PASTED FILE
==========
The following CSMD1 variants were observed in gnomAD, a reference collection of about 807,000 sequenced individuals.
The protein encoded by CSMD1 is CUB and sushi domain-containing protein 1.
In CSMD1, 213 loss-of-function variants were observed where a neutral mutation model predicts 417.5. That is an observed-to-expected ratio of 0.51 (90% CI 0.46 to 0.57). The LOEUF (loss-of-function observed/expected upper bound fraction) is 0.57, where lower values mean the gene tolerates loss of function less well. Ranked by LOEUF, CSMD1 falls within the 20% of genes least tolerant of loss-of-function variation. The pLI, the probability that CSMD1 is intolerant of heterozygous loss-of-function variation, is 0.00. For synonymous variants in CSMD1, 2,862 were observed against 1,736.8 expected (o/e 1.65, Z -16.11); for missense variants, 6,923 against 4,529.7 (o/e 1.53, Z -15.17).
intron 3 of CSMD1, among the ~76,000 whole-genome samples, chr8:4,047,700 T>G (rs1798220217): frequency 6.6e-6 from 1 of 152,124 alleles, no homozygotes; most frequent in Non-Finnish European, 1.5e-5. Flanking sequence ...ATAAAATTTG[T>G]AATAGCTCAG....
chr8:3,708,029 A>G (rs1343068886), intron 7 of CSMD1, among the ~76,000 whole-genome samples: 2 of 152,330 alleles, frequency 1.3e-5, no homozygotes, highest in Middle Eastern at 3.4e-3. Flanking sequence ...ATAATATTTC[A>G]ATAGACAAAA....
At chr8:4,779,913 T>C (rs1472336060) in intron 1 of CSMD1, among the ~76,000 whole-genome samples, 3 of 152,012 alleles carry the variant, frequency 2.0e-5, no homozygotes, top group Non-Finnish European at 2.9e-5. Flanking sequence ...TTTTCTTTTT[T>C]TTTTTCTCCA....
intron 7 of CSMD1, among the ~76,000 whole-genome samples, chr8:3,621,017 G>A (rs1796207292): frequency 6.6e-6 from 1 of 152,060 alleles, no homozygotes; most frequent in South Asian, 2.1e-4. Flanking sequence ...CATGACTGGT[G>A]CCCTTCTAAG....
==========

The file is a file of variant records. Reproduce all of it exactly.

The following CSMD1 variants were observed in gnomAD, a reference collection of about 807,000 sequenced individuals.
The protein encoded by CSMD1 is CUB and sushi domain-containing protein 1.
In CSMD1, 213 loss-of-function variants were observed where a neutral mutation model predicts 417.5. That is an observed-to-expected ratio of 0.51 (90% CI 0.46 to 0.57). The LOEUF (loss-of-function observed/expected upper bound fraction) is 0.57, where lower values mean the gene tolerates loss of function less well. Ranked by LOEUF, CSMD1 falls within the 20% of genes least tolerant of loss-of-function variation. The pLI, the probability that CSMD1 is intolerant of heterozygous loss-of-function variation, is 0.00. For synonymous variants in CSMD1, 2,862 were observed against 1,736.8 expected (o/e 1.65, Z -16.11); for missense variants, 6,923 against 4,529.7 (o/e 1.53, Z -15.17).
intron 3 of CSMD1, among the ~76,000 whole-genome samples, chr8:4,047,700 T>G (rs1798220217): frequency 6.6e-6 from 1 of 152,124 alleles, no homozygotes; most frequent in Non-Finnish European, 1.5e-5. Flanking sequence ...ATAAAATTTG[T>G]AATAGCTCAG....
chr8:3,708,029 A>G (rs1343068886), intron 7 of CSMD1, among the ~76,000 whole-genome samples: 2 of 152,330 alleles, frequency 1.3e-5, no homozygotes, highest in Middle Eastern at 3.4e-3. Flanking sequence ...ATAATATTTC[A>G]ATAGACAAAA....
At chr8:4,779,913 T>C (rs1472336060) in intron 1 of CSMD1, among the ~76,000 whole-genome samples, 3 of 152,012 alleles carry the variant, frequency 2.0e-5, no homozygotes, top group Non-Finnish European at 2.9e-5. Flanking sequence ...TTTTCTTTTT[T>C]TTTTTCTCCA....
intron 7 of CSMD1, among the ~76,000 whole-genome samples, chr8:3,621,017 G>A (rs1796207292): frequency 6.6e-6 from 1 of 152,060 alleles, no homozygotes; most frequent in South Asian, 2.1e-4. Flanking sequence ...CATGACTGGT[G>A]CCCTTCTAAG....